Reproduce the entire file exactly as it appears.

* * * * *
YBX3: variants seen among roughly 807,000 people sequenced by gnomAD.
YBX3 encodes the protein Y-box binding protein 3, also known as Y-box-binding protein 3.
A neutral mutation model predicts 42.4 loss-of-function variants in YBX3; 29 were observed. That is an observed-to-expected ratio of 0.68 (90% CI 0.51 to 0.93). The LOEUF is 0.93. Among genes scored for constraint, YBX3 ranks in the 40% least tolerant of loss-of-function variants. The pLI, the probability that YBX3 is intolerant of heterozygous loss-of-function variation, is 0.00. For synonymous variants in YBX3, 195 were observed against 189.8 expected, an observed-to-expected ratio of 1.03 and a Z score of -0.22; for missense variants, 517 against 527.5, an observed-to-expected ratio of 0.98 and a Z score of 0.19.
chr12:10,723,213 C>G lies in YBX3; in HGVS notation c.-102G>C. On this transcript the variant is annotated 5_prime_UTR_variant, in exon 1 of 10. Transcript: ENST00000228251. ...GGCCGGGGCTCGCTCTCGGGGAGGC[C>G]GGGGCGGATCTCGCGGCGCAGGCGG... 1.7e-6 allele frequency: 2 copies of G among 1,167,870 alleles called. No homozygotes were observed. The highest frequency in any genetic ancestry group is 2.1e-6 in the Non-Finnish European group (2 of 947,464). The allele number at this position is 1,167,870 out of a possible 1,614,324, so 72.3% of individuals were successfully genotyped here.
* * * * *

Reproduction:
YBX3: variants seen among roughly 807,000 people sequenced by gnomAD.
YBX3 encodes the protein Y-box binding protein 3, also known as Y-box-binding protein 3.
A neutral mutation model predicts 42.4 loss-of-function variants in YBX3; 29 were observed. That is an observed-to-expected ratio of 0.68 (90% CI 0.51 to 0.93). The LOEUF is 0.93. Among genes scored for constraint, YBX3 ranks in the 40% least tolerant of loss-of-function variants. The pLI, the probability that YBX3 is intolerant of heterozygous loss-of-function variation, is 0.00. For synonymous variants in YBX3, 195 were observed against 189.8 expected, an observed-to-expected ratio of 1.03 and a Z score of -0.22; for missense variants, 517 against 527.5, an observed-to-expected ratio of 0.98 and a Z score of 0.19.
chr12:10,723,213 C>G lies in YBX3; in HGVS notation c.-102G>C. On this transcript the variant is annotated 5_prime_UTR_variant, in exon 1 of 10. Transcript: ENST00000228251. ...GGCCGGGGCTCGCTCTCGGGGAGGC[C>G]GGGGCGGATCTCGCGGCGCAGGCGG... 1.7e-6 allele frequency: 2 copies of G among 1,167,870 alleles called. No homozygotes were observed. The highest frequency in any genetic ancestry group is 2.1e-6 in the Non-Finnish European group (2 of 947,464). The allele number at this position is 1,167,870 out of a possible 1,614,324, so 72.3% of individuals were successfully genotyped here.